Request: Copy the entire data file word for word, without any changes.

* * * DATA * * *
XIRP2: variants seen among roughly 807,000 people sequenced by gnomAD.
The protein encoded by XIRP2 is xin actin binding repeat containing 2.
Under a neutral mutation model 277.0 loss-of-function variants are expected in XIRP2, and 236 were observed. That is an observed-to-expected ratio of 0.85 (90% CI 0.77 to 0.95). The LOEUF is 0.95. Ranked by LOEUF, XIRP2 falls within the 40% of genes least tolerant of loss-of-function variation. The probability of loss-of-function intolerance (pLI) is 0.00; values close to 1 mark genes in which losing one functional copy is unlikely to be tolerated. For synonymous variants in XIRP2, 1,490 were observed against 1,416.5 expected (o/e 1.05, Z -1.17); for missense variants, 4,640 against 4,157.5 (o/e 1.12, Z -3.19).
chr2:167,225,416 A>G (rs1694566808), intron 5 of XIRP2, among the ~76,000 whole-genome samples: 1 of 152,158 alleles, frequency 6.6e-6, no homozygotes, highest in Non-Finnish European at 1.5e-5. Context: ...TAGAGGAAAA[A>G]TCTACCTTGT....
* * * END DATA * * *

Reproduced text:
XIRP2: variants seen among roughly 807,000 people sequenced by gnomAD.
The protein encoded by XIRP2 is xin actin binding repeat containing 2.
Under a neutral mutation model 277.0 loss-of-function variants are expected in XIRP2, and 236 were observed. That is an observed-to-expected ratio of 0.85 (90% CI 0.77 to 0.95). The LOEUF is 0.95. Ranked by LOEUF, XIRP2 falls within the 40% of genes least tolerant of loss-of-function variation. The probability of loss-of-function intolerance (pLI) is 0.00; values close to 1 mark genes in which losing one functional copy is unlikely to be tolerated. For synonymous variants in XIRP2, 1,490 were observed against 1,416.5 expected (o/e 1.05, Z -1.17); for missense variants, 4,640 against 4,157.5 (o/e 1.12, Z -3.19).
chr2:167,225,416 A>G (rs1694566808), intron 5 of XIRP2, among the ~76,000 whole-genome samples: 1 of 152,158 alleles, frequency 6.6e-6, no homozygotes, highest in Non-Finnish European at 1.5e-5. Context: ...TAGAGGAAAA[A>G]TCTACCTTGT....